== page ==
Southern Agenda

Go Your Own Way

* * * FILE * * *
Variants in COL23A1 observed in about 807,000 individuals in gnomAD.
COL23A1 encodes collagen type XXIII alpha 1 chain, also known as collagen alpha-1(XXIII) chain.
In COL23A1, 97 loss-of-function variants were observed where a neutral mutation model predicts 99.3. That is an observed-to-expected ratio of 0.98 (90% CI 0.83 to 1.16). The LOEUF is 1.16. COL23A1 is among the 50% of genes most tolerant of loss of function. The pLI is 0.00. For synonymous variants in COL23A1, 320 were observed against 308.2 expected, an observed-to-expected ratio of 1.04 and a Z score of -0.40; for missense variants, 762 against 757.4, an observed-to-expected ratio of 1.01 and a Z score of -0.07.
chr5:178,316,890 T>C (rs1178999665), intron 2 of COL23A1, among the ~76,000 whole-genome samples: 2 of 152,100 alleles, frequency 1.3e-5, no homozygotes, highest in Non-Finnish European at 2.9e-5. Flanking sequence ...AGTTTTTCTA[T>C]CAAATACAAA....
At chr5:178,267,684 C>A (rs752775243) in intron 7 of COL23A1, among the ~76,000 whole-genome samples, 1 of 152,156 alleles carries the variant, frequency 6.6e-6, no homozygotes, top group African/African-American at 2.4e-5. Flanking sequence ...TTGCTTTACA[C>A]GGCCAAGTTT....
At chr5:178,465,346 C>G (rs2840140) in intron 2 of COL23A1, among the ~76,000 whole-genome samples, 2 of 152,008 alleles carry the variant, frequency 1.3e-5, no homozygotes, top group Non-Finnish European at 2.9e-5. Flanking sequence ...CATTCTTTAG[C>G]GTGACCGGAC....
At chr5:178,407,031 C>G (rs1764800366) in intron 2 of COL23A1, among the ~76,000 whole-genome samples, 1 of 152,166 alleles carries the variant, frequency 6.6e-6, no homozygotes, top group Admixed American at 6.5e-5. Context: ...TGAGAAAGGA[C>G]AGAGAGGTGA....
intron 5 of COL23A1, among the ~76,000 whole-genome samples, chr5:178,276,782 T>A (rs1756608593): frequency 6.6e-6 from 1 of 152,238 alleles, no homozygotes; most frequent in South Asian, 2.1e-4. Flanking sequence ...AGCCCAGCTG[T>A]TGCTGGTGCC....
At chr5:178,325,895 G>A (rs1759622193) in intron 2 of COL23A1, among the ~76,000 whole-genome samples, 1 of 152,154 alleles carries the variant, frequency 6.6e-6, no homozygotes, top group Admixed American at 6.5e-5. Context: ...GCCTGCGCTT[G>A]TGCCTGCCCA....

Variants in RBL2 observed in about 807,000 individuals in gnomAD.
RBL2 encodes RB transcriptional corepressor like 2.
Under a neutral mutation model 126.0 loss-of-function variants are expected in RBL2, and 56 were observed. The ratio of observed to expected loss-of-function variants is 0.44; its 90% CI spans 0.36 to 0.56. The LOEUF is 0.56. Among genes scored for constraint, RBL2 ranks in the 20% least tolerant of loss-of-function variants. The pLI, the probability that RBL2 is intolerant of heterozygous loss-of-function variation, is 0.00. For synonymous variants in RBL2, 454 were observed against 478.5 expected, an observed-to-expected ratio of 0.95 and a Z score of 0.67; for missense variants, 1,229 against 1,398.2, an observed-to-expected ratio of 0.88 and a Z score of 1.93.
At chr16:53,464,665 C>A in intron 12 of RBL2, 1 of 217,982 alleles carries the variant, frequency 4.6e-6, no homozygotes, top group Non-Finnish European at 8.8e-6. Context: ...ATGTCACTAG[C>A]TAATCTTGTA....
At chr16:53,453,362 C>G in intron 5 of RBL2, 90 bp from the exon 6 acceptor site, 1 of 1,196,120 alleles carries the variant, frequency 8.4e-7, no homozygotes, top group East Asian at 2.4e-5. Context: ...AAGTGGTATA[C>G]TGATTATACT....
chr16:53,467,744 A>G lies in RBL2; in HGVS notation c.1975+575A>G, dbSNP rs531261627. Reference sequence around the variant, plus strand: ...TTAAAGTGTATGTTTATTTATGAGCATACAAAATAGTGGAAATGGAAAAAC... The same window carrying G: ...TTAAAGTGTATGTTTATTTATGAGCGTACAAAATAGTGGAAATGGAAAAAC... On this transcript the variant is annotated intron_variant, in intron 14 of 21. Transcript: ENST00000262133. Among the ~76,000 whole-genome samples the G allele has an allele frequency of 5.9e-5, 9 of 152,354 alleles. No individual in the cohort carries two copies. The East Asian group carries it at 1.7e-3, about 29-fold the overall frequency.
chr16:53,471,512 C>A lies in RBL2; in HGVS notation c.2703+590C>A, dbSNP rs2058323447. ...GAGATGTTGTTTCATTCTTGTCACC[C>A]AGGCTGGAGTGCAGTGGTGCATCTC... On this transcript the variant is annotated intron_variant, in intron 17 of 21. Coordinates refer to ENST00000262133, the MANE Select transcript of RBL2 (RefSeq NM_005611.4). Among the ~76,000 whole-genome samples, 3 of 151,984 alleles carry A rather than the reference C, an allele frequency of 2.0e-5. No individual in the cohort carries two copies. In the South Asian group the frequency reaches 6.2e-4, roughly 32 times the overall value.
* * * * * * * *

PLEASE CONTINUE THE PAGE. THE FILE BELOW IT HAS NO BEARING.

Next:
The best route between two points isn’t necessarily a straight line. Some Appalachian Trail trekkers take a flip-flop hike, starting their adventure in the middle in Harpers Ferry, and walking 1,200 miles north. Once they summit Mount Katahdin, Maine, the traditional end, they catch a ride back to their West Virginia starting point. Then they hike another thousand miles south to finish where most people start, at Springer Mountain, Georgia. Harpers Ferry and nearby Brunswick, Maryland, celebrate the contrarian route with an annual Flip Flop Kickoff (April 22–23), with hiking-skills workshops and a communal high-carb breakfast to send adventurers on their way. Flip-flopping saves wear and tear on the trail—during March and April, thousands of people may clog the route near the Georgia starting point. Beginning in the middle helps hikers too, says Deb Coleman, a retired lawyer who completed a flip-flop thru-hike in 2017. Time it right, and you can avoid weather extremes, walking north in what can feel like perpetual spring, and heading south in mostly fall weather. “I like a certain amount of solitude on the trail, and that part appealed to me,” Coleman says. “I never had snow or freezing temperatures. And I only found a full shelter once, which is unheard-of.” The Appalachian Trail Conservancy began promoting the alternate routing in 2015, says Laurie Potteiger, who helped plan the first festival. But year after year, there’s still one misconception she must address: No one is advocating a hike in flip-flops. “You wouldn’t get more than ten feet.”